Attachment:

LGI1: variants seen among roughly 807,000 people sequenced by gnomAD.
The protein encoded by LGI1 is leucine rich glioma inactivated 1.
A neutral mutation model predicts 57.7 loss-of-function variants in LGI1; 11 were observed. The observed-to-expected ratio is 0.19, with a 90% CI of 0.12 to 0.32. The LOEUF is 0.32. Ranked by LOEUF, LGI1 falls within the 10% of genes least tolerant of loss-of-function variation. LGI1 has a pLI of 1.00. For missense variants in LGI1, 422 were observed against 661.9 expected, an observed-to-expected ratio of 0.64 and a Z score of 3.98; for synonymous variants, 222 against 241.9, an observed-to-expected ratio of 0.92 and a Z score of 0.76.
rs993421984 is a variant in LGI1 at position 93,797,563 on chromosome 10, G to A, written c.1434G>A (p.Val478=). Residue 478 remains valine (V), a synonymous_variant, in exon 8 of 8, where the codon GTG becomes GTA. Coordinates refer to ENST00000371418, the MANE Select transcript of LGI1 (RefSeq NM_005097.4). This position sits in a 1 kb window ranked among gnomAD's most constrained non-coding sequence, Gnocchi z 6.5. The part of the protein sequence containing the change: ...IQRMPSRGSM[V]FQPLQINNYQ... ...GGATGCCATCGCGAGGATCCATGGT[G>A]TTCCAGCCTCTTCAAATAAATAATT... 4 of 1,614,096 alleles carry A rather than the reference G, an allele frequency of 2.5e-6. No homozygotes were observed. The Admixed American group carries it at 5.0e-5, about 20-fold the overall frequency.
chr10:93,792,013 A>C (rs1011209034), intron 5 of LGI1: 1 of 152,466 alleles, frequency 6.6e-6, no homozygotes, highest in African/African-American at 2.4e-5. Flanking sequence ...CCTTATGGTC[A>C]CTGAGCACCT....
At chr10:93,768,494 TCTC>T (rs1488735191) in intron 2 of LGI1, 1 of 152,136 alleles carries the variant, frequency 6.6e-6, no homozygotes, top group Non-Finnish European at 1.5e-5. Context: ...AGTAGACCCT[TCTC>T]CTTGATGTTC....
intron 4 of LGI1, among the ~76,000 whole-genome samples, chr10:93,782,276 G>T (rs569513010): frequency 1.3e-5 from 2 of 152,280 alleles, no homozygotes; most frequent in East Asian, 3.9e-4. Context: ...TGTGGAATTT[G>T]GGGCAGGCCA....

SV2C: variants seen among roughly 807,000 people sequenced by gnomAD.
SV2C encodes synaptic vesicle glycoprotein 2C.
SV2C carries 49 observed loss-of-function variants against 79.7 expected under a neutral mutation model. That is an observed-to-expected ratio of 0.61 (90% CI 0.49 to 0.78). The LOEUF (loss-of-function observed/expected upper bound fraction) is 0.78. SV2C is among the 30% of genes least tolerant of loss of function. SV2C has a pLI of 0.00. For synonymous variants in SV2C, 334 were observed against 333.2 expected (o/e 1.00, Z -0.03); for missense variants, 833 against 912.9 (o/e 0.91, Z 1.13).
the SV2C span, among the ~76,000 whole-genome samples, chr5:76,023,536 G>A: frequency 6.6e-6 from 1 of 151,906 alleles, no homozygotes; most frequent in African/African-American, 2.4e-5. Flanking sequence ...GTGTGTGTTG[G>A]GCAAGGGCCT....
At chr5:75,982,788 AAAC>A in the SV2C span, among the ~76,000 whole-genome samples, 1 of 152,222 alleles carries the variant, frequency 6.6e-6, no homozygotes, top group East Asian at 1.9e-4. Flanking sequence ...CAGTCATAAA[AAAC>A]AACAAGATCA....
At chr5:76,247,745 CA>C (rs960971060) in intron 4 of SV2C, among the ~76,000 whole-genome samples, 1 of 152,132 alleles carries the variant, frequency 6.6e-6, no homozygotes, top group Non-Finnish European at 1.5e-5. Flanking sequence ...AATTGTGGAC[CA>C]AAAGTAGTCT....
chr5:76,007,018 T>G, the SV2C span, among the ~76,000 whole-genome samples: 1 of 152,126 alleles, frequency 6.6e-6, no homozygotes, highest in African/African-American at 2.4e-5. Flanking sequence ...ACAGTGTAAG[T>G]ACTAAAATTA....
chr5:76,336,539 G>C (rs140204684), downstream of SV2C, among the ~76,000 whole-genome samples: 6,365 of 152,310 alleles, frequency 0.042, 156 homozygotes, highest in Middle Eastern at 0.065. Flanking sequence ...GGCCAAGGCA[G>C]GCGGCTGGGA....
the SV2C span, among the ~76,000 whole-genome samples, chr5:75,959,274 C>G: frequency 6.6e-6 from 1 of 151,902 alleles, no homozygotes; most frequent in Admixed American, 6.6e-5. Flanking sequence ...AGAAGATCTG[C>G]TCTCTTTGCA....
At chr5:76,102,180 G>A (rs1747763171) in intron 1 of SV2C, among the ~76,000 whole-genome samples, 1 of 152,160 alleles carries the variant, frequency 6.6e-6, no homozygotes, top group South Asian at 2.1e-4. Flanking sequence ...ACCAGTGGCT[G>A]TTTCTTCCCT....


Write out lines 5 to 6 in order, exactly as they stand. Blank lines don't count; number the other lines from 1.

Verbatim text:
chr10:93,792,013 A>C (rs1011209034), intron 5 of LGI1: 1 of 152,466 alleles, frequency 6.6e-6, no homozygotes, highest in African/African-American at 2.4e-5. Flanking sequence ...CCTTATGGTC[A>C]CTGAGCACCT....
At chr10:93,768,494 TCTC>T (rs1488735191) in intron 2 of LGI1, 1 of 152,136 alleles carries the variant, frequency 6.6e-6, no homozygotes, top group Non-Finnish European at 1.5e-5. Context: ...AGTAGACCCT[TCTC>T]CTTGATGTTC....